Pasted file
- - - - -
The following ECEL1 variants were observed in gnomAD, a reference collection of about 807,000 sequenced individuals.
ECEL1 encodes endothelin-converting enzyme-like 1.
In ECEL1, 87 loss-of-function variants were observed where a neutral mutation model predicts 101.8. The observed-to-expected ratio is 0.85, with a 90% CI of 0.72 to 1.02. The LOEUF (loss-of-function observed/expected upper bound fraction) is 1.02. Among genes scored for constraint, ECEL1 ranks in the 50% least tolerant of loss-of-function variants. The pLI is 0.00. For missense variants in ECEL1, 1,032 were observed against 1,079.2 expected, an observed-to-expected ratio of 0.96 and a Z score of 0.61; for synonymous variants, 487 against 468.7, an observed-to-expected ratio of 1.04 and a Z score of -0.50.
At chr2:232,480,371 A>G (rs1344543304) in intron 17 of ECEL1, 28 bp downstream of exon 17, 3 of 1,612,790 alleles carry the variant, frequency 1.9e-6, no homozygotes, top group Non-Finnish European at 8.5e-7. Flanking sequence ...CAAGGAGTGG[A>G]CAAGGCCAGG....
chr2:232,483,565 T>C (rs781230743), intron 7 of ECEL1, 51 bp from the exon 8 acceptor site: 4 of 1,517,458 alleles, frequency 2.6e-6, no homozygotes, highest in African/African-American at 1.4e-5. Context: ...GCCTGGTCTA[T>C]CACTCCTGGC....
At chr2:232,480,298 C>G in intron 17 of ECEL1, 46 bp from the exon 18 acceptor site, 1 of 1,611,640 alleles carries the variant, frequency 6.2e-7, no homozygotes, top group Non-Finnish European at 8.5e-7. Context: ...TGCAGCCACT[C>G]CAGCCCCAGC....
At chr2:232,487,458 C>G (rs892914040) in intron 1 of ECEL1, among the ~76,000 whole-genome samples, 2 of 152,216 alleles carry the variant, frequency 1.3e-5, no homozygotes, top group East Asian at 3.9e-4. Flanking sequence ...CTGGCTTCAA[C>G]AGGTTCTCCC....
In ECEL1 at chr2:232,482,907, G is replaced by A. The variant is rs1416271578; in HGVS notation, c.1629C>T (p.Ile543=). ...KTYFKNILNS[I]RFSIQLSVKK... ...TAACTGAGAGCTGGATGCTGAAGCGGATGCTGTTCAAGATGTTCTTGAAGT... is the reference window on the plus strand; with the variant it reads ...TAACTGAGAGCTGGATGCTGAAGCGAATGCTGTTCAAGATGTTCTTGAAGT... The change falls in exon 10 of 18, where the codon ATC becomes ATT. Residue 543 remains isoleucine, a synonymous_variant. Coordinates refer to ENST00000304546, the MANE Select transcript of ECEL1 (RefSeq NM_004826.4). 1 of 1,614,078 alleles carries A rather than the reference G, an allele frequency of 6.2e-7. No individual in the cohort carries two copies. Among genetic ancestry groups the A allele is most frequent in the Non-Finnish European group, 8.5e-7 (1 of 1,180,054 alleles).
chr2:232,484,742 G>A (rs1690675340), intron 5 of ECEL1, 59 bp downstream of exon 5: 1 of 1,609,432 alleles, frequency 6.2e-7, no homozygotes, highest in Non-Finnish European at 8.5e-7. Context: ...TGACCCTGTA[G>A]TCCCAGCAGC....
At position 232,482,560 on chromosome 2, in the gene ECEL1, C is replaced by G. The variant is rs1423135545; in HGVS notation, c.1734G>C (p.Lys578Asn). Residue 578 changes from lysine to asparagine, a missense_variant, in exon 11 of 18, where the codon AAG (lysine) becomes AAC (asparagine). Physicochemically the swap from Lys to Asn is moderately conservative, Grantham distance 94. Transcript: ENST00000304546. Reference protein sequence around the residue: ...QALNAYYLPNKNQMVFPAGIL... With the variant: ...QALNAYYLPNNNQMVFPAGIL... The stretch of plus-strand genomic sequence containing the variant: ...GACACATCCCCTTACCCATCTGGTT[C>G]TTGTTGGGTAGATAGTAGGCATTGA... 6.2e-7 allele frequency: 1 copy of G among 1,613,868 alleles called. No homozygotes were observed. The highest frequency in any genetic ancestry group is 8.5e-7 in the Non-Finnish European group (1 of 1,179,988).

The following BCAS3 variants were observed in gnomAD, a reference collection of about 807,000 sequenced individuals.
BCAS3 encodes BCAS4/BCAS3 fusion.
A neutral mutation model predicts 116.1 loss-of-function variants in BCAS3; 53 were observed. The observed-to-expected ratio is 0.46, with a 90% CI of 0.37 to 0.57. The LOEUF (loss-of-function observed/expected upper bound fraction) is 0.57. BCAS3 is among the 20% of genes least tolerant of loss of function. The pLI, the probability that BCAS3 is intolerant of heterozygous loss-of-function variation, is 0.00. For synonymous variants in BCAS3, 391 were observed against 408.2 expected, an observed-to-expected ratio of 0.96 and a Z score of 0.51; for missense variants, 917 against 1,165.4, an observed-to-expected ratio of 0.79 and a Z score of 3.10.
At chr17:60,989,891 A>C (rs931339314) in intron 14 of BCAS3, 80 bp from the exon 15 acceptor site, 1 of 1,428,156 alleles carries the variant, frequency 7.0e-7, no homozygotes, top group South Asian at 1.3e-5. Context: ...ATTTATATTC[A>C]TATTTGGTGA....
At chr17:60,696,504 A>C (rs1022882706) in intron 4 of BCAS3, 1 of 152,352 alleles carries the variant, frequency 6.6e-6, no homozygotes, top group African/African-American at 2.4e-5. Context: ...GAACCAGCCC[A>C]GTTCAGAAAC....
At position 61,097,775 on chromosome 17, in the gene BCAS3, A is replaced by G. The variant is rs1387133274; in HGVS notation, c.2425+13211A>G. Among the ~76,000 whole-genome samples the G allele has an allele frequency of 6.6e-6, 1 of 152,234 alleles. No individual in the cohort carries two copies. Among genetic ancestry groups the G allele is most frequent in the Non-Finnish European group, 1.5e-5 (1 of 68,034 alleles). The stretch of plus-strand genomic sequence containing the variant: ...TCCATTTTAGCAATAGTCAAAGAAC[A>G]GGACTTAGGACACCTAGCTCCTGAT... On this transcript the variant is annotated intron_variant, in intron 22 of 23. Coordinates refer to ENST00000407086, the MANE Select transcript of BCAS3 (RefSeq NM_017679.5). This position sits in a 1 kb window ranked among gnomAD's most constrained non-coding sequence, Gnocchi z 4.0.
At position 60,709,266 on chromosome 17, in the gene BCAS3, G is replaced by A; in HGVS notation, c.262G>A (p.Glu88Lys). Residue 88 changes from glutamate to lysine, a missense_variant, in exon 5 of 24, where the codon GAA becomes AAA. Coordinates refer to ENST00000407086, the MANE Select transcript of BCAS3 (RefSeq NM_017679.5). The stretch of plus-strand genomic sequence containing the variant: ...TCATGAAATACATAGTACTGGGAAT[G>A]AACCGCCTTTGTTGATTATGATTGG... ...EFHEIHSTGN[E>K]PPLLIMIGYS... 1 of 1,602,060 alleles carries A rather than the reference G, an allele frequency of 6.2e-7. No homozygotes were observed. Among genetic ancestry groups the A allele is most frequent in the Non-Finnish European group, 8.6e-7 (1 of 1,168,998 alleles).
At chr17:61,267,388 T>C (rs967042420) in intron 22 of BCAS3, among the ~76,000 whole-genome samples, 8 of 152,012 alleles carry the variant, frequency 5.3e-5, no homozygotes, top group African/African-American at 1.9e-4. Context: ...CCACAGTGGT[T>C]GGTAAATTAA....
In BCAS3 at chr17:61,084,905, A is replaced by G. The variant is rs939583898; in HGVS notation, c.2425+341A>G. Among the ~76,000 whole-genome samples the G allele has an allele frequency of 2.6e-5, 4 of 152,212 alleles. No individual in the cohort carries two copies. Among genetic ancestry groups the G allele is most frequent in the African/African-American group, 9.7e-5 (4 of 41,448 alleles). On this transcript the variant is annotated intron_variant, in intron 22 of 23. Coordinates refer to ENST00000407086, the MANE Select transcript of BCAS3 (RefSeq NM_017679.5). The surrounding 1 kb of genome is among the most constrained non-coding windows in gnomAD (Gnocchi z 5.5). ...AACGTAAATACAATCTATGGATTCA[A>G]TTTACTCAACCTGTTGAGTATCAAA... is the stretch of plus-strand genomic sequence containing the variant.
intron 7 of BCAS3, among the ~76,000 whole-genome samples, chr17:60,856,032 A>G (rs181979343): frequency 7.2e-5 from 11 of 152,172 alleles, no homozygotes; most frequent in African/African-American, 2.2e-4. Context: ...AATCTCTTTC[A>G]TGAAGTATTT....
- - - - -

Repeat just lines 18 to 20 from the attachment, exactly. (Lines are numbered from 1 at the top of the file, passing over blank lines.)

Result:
At chr17:61,267,388 T>C (rs967042420) in intron 22 of BCAS3, among the ~76,000 whole-genome samples, 8 of 152,012 alleles carry the variant, frequency 5.3e-5, no homozygotes, top group African/African-American at 1.9e-4. Context: ...CCACAGTGGT[T>C]GGTAAATTAA....
In BCAS3 at chr17:61,084,905, A is replaced by G. The variant is rs939583898; in HGVS notation, c.2425+341A>G. Among the ~76,000 whole-genome samples the G allele has an allele frequency of 2.6e-5, 4 of 152,212 alleles. No individual in the cohort carries two copies. Among genetic ancestry groups the G allele is most frequent in the African/African-American group, 9.7e-5 (4 of 41,448 alleles). On this transcript the variant is annotated intron_variant, in intron 22 of 23. Coordinates refer to ENST00000407086, the MANE Select transcript of BCAS3 (RefSeq NM_017679.5). The surrounding 1 kb of genome is among the most constrained non-coding windows in gnomAD (Gnocchi z 5.5). ...AACGTAAATACAATCTATGGATTCA[A>G]TTTACTCAACCTGTTGAGTATCAAA... is the stretch of plus-strand genomic sequence containing the variant.
intron 7 of BCAS3, among the ~76,000 whole-genome samples, chr17:60,856,032 A>G (rs181979343): frequency 7.2e-5 from 11 of 152,172 alleles, no homozygotes; most frequent in African/African-American, 2.2e-4. Context: ...AATCTCTTTC[A>G]TGAAGTATTT....